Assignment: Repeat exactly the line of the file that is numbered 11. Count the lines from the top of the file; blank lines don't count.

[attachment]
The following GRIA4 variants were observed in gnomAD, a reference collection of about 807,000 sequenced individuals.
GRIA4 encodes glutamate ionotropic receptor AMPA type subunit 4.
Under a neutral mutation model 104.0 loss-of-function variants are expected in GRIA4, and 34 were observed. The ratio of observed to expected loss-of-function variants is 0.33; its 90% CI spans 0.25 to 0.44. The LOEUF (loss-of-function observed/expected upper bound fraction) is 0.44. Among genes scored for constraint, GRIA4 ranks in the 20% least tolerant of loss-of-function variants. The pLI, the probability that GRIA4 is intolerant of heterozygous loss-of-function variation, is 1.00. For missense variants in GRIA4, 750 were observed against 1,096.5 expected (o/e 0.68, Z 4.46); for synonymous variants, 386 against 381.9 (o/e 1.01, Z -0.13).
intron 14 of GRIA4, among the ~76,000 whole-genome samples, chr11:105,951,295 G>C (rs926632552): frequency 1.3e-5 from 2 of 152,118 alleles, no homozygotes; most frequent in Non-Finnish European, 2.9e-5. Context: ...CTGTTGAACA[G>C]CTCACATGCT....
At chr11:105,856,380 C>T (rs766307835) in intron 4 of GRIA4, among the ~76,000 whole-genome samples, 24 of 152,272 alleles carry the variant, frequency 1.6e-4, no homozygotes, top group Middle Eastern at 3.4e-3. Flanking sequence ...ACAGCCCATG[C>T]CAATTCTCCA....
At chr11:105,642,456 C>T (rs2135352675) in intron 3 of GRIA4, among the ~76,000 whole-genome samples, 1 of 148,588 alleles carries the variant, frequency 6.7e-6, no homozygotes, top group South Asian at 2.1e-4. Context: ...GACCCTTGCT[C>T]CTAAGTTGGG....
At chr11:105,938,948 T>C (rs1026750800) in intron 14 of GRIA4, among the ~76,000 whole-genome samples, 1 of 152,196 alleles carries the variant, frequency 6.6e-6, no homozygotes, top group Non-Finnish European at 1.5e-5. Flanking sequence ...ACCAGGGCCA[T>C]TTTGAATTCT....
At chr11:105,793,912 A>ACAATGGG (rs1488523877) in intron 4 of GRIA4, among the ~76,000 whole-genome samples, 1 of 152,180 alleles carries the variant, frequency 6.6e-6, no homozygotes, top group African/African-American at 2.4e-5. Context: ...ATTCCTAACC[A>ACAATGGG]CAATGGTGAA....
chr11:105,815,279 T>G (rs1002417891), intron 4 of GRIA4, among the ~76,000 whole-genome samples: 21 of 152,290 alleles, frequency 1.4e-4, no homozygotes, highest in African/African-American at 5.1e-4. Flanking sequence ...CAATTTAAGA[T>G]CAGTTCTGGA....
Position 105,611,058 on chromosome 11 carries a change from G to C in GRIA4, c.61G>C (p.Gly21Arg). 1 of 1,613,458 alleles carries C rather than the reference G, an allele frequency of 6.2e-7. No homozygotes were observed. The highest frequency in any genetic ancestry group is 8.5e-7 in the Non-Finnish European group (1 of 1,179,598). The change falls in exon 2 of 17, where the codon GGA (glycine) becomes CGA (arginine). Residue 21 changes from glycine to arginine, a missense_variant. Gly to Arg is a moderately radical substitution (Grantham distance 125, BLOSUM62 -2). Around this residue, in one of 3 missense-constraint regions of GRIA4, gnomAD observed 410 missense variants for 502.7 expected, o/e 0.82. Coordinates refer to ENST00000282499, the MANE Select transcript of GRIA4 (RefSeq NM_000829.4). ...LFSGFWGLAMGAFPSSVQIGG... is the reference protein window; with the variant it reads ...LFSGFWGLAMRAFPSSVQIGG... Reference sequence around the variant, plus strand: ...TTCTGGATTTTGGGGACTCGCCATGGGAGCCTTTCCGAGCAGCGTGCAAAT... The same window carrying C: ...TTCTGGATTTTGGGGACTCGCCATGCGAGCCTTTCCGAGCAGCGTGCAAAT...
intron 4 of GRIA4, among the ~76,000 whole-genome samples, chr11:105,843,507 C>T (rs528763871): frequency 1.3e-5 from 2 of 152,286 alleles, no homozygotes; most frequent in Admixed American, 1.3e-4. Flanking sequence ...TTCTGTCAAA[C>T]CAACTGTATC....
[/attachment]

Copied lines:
intron 4 of GRIA4, among the ~76,000 whole-genome samples, chr11:105,843,507 C>T (rs528763871): frequency 1.3e-5 from 2 of 152,286 alleles, no homozygotes; most frequent in Admixed American, 1.3e-4. Flanking sequence ...TTCTGTCAAA[C>T]CAACTGTATC....